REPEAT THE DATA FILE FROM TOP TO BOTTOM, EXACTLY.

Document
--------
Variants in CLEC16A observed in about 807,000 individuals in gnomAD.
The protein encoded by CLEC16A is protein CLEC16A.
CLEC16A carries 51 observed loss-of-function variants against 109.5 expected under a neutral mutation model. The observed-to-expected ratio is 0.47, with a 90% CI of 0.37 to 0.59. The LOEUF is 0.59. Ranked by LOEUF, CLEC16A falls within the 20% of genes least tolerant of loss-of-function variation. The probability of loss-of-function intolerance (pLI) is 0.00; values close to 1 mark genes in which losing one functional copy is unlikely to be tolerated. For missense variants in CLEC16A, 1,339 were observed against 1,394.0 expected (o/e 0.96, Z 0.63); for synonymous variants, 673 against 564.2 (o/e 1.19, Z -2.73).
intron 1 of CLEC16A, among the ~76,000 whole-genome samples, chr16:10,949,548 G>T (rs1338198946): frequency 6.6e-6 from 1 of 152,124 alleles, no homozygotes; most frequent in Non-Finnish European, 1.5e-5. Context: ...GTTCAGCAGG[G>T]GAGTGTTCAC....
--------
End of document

Variants in CLEC16A observed in about 807,000 individuals in gnomAD.
The protein encoded by CLEC16A is protein CLEC16A.
CLEC16A carries 51 observed loss-of-function variants against 109.5 expected under a neutral mutation model. The observed-to-expected ratio is 0.47, with a 90% CI of 0.37 to 0.59. The LOEUF is 0.59. Ranked by LOEUF, CLEC16A falls within the 20% of genes least tolerant of loss-of-function variation. The probability of loss-of-function intolerance (pLI) is 0.00; values close to 1 mark genes in which losing one functional copy is unlikely to be tolerated. For missense variants in CLEC16A, 1,339 were observed against 1,394.0 expected (o/e 0.96, Z 0.63); for synonymous variants, 673 against 564.2 (o/e 1.19, Z -2.73).
intron 1 of CLEC16A, among the ~76,000 whole-genome samples, chr16:10,949,548 G>T (rs1338198946): frequency 6.6e-6 from 1 of 152,124 alleles, no homozygotes; most frequent in Non-Finnish European, 1.5e-5. Context: ...GTTCAGCAGG[G>T]GAGTGTTCAC....